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Assessment of mold in the indoor environment
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Assessment of mold in the indoor environment
All topics are updated as new evidence becomes available and our peer review process is complete.
Literature review current through: Aug 2017. | This topic last updated: Sep 07, 2017.

INTRODUCTION — Mold is ubiquitous outdoors, and it is readily introduced or physically transported into the home, work, and school indoor environments.

This topic will focus strictly on the detection of mold in indoor environments. The proven and unproven health effects of indoor molds are discussed separately. (See "The role of fungi (molds) in human disease".)

A more general discussion of assessment of allergens in the indoor environment is found elsewhere. (See "Allergen sampling in the environment".)

TERMINOLOGY — The generic term "mold" encompasses many types of fungi, a diverse class of eukaryotic micro-organisms that live on organic nutrients. The kingdom Fungi is comprised of plants without leaves, flowers, or roots that reproduce from spores and includes yeasts, molds, smuts, and mushrooms (table 1).

Molds lack chlorophyll and vascular tissue. They range in form from a single cell to a body mass of branched filamentous hyphae that spread into and feed off of dead organic matter or living organisms.

PROPERTIES OF MOLDS — Molds produce specialized, uniquely structured, fruiting bodies called spores that are generally invisible to the naked eye (table 1). The unique features of these spores are used to speciate the mold by microscopic, immunologic, and molecular biology techniques.

The majority of the spores produced by molds range in size from 2 to 20 microns in diameter and 1 to 100 mm in length. These spores can become readily airborne. The spores appear as oblong and irregular biomasses, with visually characteristic shapes, sizes, and colors that can be discriminated from each other microscopically (figure 1 and figure 2 and picture 1). Morphologically, the spore surface under a microscope may appear as smooth, granular, warty, spiny, cup-shaped, pie-crust shaped, or reticulate (figure 3).

Mold spores need a relative humidity >65 percent, a temperature between 50 to 90ºF (10 to 32ºC), and organic matter as their nutrient base to grow. When a spore germinates, it produces hyphae or branches that digest organic matter on the growing surface.

The general appearance of mold varies widely in texture from a filamentous cottony or granular display to a leathery or smooth velvety surface. Mold can present as colorless or with a white, gray, brown, black, yellow, green, or fluorescent hue (picture 1). As mold grows, it often exudes a "musty" odor that results from volatile organic compound vapors which are released.

There are approximately 100 indoor molds that have been identified as potentially hazardous to human health, although only a small subset of these are commonly found in the air and dust in indoor environments (table 2 and table 3) [1,2]. The classification of medically important molds, some that are known to elicit immunoglobulin E (IgE) antibodies in humans, is presented in the table (table 4).

DETECTION OF INDOOR MOLD GROWTH — There is often mold growth where there has been water damage or constant high humidity. Invisible spores can be transported indoors on clothing, shoes, or pets, or they may blow in through open doors, windows, or ventilation systems. Spores can survive on wood, paper, carpet, soil, plants, fabrics, and other surfaces. As they settle on a surface with the right humidity and temperature, mold spores begin to germinate, gradually producing an increasingly expanding network of hyphae.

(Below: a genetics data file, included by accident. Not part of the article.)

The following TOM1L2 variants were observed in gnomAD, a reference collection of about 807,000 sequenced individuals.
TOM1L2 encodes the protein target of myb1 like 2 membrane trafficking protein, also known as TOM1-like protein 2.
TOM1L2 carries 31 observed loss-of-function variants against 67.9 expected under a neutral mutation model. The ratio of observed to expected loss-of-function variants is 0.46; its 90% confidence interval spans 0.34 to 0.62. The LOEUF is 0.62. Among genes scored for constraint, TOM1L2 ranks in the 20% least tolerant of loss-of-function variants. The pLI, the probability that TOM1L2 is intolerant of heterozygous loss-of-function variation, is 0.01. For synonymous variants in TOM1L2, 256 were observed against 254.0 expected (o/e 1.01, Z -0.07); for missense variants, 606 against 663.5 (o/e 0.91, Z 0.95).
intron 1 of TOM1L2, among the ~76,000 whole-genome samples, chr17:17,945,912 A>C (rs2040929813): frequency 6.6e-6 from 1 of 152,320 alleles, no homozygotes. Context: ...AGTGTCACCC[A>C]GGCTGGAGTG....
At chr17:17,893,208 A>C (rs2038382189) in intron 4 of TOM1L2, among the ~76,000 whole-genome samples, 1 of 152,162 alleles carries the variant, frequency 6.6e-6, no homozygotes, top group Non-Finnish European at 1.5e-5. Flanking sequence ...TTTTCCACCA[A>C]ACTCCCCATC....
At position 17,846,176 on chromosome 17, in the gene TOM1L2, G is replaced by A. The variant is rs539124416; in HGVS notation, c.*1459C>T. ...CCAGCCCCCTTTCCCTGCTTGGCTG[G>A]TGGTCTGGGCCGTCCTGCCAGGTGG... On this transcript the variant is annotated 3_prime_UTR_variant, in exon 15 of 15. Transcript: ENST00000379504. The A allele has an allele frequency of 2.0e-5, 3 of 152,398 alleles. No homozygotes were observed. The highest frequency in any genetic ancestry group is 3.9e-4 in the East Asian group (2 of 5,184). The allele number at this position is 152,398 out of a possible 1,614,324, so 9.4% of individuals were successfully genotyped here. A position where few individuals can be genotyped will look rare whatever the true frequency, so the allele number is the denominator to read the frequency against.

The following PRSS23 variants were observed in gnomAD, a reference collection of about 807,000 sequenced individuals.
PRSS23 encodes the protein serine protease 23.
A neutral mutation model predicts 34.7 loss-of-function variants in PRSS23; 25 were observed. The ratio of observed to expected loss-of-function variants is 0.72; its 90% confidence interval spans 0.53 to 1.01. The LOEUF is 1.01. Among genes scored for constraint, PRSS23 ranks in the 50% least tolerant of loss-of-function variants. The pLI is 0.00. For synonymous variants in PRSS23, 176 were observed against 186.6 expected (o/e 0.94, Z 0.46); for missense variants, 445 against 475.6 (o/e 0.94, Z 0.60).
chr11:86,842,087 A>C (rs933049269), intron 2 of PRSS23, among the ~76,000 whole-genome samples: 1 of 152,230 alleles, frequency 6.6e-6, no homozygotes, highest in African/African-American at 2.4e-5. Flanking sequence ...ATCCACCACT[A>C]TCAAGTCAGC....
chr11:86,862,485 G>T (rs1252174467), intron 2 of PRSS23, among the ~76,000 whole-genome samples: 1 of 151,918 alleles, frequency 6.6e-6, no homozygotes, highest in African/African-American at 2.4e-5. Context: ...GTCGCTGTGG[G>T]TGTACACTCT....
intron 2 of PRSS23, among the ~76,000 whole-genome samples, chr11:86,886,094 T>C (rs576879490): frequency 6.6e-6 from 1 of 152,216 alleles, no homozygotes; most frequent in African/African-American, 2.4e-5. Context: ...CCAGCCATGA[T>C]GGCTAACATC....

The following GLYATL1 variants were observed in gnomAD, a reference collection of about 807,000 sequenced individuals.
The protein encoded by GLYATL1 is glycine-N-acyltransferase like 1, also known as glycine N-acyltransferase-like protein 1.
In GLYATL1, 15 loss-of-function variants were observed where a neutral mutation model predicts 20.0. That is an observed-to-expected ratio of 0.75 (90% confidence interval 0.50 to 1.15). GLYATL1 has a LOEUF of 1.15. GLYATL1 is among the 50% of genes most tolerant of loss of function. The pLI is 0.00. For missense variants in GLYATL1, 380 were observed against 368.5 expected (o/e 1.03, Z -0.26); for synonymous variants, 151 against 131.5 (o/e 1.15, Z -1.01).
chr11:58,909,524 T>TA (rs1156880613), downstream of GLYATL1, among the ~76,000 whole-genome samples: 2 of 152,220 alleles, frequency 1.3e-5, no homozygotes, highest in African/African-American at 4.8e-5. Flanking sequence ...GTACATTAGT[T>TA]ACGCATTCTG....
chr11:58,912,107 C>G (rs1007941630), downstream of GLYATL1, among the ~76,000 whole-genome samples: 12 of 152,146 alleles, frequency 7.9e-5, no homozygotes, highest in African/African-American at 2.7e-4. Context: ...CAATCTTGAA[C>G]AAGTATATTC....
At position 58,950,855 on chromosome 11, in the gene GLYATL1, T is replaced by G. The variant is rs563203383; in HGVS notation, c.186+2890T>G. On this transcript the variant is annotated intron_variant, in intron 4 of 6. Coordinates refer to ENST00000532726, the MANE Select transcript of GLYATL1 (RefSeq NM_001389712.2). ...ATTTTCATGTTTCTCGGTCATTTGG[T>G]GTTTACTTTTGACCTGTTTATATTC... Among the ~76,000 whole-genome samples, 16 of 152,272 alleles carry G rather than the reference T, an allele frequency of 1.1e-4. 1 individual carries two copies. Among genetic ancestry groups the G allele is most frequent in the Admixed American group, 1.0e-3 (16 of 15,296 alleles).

Odors — The nose may be the first sensory organ to identify a mold infestation as a result of the pungent organic compounds molds release into the air. Any musty odor raises suspicion that a major mold contamination is present, even if it cannot be readily seen.

Visual signs — An initial indoor environmental assessment involves a visual inspection of the floor, walls, windows, and air handling system. Mold can sometimes be visually detected as a discolored surface. The environment should also be inspected for sources of dampness or standing water. Visible mold can be remediated without further testing or analysis. (See 'Prevention and remediation' below.)

INDICATIONS FOR ASSESSMENT — Before pursuing a professional assessment of mold in an indoor environment, it is important to understand the limitations of these analyses. In the United States (and many other countries), there are no federal limits for acceptable levels of mold spores in any indoor environment. Thus, the demonstration of mold in an indoor environment does not provide definitive information for making decisions about remediation. However, it can provide additional information about the presence of mold in an indoor environment if simple visual inspection is equivocal or negative and the nose detects a mold problem.

Therefore, the following criteria should be met before professional evaluation of the home and work/school environment for mold is performed:

The patient has a confirmed condition known to be related to fungus, such as a hypersensitivity disorder (eg, asthma, allergic rhinitis, hypersensitivity pneumonitis, or sinusitis) or a severe fungal infection (especially in an immunocompromised individual). (See "The role of fungi (molds) in human disease".)

There is evidence of exposure to a specific fungus that is known to cause the condition the patient has (table 3). (See 'Detection of indoor mold growth' above.)

Guidance for health care providers in determining when a home assessment for potential mold exposure is warranted have been published [3]. This is based upon questions, shown in the table, that can help identify an association between mold exposure and symptoms (table 5) [4]. The indoor environments to which the patient is exposed should be evaluated for growth of the implicated species of fungi if these two criteria are met. Sampling and testing are generally not necessary if visual inspection reveals mold, since laboratory testing will likely not change the decision to remediate the environment. However, further assessment is indicated if no mold is seen but musty odors suggest mold contamination or if there is a known history of water damage in that environment.